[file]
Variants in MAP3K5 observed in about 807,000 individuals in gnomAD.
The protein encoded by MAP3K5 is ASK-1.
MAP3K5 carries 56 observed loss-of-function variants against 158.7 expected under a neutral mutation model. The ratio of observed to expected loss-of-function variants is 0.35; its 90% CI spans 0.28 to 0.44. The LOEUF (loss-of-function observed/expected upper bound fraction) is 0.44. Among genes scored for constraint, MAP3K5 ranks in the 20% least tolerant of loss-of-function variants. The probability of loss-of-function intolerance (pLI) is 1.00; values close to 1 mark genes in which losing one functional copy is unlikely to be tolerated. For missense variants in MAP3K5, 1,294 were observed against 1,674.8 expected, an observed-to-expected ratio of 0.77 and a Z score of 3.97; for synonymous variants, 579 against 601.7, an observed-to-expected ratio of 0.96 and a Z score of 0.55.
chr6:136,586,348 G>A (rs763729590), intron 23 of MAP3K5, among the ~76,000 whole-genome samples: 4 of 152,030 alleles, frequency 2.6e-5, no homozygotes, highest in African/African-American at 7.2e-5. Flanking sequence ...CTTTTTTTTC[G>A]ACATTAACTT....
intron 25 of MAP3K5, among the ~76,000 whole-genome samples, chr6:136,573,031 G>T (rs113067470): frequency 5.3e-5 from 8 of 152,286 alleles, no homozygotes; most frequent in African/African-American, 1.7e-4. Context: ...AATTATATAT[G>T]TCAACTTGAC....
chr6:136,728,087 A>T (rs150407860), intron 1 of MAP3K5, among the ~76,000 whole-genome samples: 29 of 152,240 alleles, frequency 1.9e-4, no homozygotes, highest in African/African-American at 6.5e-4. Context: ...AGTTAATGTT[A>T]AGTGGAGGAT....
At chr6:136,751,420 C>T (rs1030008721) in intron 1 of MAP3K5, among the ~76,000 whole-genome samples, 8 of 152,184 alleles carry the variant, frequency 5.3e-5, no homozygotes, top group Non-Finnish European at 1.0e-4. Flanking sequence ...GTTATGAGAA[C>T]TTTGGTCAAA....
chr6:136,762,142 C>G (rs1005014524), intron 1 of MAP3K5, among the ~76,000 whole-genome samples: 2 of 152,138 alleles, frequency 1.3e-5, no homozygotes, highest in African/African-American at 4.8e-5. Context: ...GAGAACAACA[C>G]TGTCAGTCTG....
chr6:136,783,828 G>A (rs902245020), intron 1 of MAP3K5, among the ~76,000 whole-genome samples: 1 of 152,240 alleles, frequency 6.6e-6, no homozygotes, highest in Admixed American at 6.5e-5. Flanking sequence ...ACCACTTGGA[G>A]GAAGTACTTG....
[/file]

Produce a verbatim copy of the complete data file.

Variants in MAP3K5 observed in about 807,000 individuals in gnomAD.
The protein encoded by MAP3K5 is ASK-1.
MAP3K5 carries 56 observed loss-of-function variants against 158.7 expected under a neutral mutation model. The ratio of observed to expected loss-of-function variants is 0.35; its 90% CI spans 0.28 to 0.44. The LOEUF (loss-of-function observed/expected upper bound fraction) is 0.44. Among genes scored for constraint, MAP3K5 ranks in the 20% least tolerant of loss-of-function variants. The probability of loss-of-function intolerance (pLI) is 1.00; values close to 1 mark genes in which losing one functional copy is unlikely to be tolerated. For missense variants in MAP3K5, 1,294 were observed against 1,674.8 expected, an observed-to-expected ratio of 0.77 and a Z score of 3.97; for synonymous variants, 579 against 601.7, an observed-to-expected ratio of 0.96 and a Z score of 0.55.
chr6:136,586,348 G>A (rs763729590), intron 23 of MAP3K5, among the ~76,000 whole-genome samples: 4 of 152,030 alleles, frequency 2.6e-5, no homozygotes, highest in African/African-American at 7.2e-5. Flanking sequence ...CTTTTTTTTC[G>A]ACATTAACTT....
intron 25 of MAP3K5, among the ~76,000 whole-genome samples, chr6:136,573,031 G>T (rs113067470): frequency 5.3e-5 from 8 of 152,286 alleles, no homozygotes; most frequent in African/African-American, 1.7e-4. Context: ...AATTATATAT[G>T]TCAACTTGAC....
chr6:136,728,087 A>T (rs150407860), intron 1 of MAP3K5, among the ~76,000 whole-genome samples: 29 of 152,240 alleles, frequency 1.9e-4, no homozygotes, highest in African/African-American at 6.5e-4. Context: ...AGTTAATGTT[A>T]AGTGGAGGAT....
At chr6:136,751,420 C>T (rs1030008721) in intron 1 of MAP3K5, among the ~76,000 whole-genome samples, 8 of 152,184 alleles carry the variant, frequency 5.3e-5, no homozygotes, top group Non-Finnish European at 1.0e-4. Flanking sequence ...GTTATGAGAA[C>T]TTTGGTCAAA....
chr6:136,762,142 C>G (rs1005014524), intron 1 of MAP3K5, among the ~76,000 whole-genome samples: 2 of 152,138 alleles, frequency 1.3e-5, no homozygotes, highest in African/African-American at 4.8e-5. Context: ...GAGAACAACA[C>G]TGTCAGTCTG....
chr6:136,783,828 G>A (rs902245020), intron 1 of MAP3K5, among the ~76,000 whole-genome samples: 1 of 152,240 alleles, frequency 6.6e-6, no homozygotes, highest in Admixed American at 6.5e-5. Flanking sequence ...ACCACTTGGA[G>A]GAAGTACTTG....